Site industriel historique
Located on the outskirts of Aix-en-Provence, the village of Les Milles is encircled by clay lowlands propitious to terracotta objects crafting.
The proximity of water brought by the Arc River is essential to the crafting of tiles and bricks, as it influences the quality of clay.
The arrival of railways at Les Milles will allow the supplying of energy: coal from Gardanne, and the transportation of the end products.
With all conditions gathered an industrial tilery was born in Les Milles.
The tilery of les Milles is created in 1882, in a context of industrial growth in the tiles and bricks industry. In this three story building, tiles and bricks were manufactured. In 1939, for economic reasons, the tilery ceased to operate.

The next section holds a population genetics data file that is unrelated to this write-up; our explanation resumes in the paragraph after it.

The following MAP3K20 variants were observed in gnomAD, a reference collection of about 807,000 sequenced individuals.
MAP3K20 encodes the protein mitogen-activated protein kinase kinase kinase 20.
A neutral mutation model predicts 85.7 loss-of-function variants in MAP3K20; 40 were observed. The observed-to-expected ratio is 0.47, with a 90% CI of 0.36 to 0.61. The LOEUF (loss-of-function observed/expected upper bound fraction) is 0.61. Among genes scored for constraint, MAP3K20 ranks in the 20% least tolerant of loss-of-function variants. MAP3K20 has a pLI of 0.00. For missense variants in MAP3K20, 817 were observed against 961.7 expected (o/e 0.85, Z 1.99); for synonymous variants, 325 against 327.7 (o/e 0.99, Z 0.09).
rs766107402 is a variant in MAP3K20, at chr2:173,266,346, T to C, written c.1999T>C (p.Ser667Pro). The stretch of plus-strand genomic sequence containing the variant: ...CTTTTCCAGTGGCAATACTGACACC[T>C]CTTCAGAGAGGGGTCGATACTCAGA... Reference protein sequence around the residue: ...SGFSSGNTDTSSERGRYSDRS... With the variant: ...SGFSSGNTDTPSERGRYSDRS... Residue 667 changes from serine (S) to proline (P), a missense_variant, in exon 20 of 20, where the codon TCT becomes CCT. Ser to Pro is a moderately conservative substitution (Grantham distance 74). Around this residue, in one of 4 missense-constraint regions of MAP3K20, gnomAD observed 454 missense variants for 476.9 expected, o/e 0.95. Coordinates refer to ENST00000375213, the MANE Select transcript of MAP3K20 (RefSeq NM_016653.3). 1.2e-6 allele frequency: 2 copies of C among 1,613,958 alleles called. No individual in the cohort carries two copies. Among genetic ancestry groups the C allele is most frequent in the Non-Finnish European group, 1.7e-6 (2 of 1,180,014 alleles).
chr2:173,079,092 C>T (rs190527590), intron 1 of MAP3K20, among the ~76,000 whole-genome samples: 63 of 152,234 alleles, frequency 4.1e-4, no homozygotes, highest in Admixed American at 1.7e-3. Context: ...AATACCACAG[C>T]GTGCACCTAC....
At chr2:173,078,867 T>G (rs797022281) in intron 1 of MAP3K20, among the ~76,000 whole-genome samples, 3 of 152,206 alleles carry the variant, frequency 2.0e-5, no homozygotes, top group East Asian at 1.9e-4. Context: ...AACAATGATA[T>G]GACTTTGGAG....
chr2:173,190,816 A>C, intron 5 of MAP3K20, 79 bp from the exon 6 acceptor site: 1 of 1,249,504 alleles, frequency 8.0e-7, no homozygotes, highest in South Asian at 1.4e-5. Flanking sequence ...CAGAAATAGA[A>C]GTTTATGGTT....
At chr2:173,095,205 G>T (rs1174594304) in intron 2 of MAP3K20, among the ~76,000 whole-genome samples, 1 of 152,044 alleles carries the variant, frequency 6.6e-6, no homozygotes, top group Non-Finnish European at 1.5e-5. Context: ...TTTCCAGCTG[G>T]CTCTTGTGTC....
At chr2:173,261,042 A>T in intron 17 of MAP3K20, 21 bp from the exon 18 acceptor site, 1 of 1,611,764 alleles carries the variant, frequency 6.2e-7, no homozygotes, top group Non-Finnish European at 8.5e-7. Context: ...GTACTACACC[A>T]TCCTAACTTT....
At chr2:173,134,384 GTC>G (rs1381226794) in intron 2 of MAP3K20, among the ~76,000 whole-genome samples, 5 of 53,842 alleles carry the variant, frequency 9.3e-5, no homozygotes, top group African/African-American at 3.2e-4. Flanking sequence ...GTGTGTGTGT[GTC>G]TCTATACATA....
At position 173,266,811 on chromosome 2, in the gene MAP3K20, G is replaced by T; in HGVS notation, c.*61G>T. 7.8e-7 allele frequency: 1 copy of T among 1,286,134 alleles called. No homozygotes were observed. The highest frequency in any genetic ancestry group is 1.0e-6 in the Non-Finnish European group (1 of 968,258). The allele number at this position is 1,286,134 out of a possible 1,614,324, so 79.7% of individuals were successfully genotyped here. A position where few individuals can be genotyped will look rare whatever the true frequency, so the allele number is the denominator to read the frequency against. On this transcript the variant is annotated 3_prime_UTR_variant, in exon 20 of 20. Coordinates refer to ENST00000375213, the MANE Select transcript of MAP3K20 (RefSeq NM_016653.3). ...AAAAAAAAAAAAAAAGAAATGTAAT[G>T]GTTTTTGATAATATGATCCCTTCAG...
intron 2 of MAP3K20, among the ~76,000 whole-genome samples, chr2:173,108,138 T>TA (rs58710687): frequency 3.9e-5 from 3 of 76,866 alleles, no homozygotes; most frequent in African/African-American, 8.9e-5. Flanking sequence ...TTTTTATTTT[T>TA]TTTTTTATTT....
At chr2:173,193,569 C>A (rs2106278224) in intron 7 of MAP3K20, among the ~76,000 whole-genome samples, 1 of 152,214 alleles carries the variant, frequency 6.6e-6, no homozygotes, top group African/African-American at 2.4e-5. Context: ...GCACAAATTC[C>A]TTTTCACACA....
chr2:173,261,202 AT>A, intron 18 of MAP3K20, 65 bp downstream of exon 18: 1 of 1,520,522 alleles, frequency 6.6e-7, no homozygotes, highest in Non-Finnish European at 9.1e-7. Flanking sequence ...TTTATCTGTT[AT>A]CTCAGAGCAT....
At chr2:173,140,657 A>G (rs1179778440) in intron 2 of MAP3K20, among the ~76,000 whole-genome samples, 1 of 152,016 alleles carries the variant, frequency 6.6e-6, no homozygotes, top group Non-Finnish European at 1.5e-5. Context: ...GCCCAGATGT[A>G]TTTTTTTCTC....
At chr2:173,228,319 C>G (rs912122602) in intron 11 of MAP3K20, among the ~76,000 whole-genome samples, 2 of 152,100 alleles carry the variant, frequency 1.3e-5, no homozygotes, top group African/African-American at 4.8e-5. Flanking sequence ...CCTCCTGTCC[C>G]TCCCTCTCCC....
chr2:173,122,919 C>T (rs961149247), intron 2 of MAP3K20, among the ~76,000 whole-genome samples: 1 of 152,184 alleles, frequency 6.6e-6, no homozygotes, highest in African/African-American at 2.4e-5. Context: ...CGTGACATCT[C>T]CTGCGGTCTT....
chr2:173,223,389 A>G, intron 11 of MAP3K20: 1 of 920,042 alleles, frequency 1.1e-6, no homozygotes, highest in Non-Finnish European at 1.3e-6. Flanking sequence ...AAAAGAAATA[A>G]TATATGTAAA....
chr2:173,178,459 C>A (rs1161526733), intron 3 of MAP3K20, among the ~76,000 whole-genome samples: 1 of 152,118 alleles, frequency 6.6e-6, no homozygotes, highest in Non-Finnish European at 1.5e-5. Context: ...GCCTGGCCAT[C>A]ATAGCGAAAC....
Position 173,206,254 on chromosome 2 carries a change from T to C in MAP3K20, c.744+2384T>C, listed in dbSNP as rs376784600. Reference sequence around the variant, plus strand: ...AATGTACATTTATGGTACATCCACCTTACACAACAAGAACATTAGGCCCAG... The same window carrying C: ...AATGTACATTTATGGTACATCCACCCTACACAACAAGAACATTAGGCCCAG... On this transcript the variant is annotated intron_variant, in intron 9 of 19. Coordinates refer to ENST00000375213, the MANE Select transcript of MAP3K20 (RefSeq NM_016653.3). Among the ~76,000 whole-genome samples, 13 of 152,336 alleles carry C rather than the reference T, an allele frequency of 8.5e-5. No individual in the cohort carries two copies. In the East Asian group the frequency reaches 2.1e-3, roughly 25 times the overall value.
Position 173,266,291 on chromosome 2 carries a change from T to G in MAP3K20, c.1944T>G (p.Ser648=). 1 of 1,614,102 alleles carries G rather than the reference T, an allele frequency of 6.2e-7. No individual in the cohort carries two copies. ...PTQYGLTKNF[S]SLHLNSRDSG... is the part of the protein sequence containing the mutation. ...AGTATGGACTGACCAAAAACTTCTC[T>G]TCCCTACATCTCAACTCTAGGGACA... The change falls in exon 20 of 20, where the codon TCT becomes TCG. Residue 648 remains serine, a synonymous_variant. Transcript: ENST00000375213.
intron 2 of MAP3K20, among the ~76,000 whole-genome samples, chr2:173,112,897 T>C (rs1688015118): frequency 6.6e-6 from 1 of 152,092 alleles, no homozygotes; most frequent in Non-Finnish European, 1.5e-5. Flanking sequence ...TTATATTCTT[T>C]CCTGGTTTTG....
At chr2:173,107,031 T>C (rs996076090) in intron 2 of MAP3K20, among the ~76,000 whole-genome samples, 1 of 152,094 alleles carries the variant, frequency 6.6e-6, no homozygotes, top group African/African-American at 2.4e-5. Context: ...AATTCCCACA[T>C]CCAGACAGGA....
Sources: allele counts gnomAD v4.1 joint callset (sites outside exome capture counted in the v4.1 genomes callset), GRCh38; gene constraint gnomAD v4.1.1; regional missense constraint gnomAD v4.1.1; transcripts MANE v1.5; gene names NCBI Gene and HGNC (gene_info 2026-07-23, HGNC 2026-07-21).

Thus, when the war started, the place was already closed. The French state, looking for a place to detain political enemies of allied countries, was then able to use it freely.
Firstly, only men were detained, but progressively, women and children were brought along (only on the second floor of the building). After the war, in 1947, manufacture of bricks restarted until 1992. The spot was closed once and for all in 2002. The Lafarge group, last owner of the place, sold it to the Fondation pour la Mémoire de la Shoah.
The Milles camp was then restored and became, since late 2012, an open to the public Memorial-Site aiming at educating people about fraternity and respect toward others.